Allow me to attempt to break down the different classes of answers to the following question, “How is it that the universe, at least the material universe, exists?”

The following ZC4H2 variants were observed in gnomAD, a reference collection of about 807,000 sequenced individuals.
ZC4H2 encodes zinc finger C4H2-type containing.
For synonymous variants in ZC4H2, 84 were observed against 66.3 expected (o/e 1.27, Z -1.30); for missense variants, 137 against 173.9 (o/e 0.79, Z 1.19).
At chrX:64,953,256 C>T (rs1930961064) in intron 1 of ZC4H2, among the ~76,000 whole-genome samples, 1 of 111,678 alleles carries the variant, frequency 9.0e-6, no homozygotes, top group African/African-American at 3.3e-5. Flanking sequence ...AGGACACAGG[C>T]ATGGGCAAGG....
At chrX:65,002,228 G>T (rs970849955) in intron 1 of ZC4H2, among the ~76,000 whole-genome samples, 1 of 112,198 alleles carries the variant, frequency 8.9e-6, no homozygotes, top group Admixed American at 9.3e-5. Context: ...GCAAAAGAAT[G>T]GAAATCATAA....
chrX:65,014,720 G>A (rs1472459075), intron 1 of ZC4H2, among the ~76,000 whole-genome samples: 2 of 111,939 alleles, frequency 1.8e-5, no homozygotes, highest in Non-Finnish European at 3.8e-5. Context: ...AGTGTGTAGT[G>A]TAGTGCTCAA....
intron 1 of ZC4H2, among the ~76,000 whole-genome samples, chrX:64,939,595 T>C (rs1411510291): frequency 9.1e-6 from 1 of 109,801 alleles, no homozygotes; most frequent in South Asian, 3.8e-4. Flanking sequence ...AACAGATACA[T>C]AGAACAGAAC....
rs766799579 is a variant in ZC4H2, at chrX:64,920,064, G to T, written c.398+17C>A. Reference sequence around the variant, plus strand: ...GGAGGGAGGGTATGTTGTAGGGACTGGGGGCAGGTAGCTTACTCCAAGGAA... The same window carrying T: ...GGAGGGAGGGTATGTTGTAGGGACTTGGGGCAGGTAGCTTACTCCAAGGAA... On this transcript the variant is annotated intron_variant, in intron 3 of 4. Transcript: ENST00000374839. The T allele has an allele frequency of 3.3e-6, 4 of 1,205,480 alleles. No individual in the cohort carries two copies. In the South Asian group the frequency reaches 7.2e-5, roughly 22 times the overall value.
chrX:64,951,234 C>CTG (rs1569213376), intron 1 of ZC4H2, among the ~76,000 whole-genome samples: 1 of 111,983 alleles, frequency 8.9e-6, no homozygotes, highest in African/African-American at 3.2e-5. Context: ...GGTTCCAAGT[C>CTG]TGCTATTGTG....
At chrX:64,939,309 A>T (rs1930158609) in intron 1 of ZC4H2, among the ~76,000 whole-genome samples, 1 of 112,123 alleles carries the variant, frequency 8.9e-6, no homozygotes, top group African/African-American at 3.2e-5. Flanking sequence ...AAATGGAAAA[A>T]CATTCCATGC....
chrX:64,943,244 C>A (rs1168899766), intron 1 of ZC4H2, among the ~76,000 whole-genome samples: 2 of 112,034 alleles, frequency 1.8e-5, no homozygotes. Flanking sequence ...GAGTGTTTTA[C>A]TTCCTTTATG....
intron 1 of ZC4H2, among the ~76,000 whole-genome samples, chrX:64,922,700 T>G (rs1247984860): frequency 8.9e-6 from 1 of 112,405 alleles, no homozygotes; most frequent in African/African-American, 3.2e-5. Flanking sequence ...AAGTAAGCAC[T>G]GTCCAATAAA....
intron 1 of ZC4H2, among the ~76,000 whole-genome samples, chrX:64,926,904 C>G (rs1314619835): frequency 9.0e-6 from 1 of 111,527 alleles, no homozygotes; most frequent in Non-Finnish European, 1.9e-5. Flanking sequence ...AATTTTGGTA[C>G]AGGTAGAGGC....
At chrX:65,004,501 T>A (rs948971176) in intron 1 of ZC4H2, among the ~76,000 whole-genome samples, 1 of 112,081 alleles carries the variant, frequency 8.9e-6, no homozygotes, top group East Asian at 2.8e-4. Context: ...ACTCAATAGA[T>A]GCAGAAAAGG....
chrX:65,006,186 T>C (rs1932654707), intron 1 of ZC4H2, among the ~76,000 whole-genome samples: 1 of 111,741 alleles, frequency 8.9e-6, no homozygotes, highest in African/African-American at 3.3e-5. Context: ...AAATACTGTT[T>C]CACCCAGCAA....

Answer One: God. Here I place all answers that deal with a deity or deities that can create ex nihilo, out of nothing. These answers are somewhat simple, at least to begin with. How is it things exist? Easy: there is a being or beings that can create matter, space, mass, etc. from nothing. Of course, this answer only brings up a separate, similar question: what sort of being is this? This post does not intend to answer this question, or even categorize the different types of answers to this question. Let me simply say that this being must be non-material, at least in a certain sense – for if the cause of all matter in the universe is material, then it wouldn’t be the cause of everything material in the universe; therefore, it is non-material. Besides the fact that we are now discussing something non-material, something not able to be discussed in scientific terms – science can only deal with things empirically, and non-material beings cannot be dealt with in this manner; science necessarily deals solely with the material – we are dealing with answering a question, an important question, in a bizarre sort of way. We are positing that the cause of everything that is physical is something non-physical. No matter what way you spin it, this is bizarre. (By the way, bizarre in the way I’m using it here is closely aligned with the terms awe-inspiring, mind-boggling, or beyond our intellectual reach.)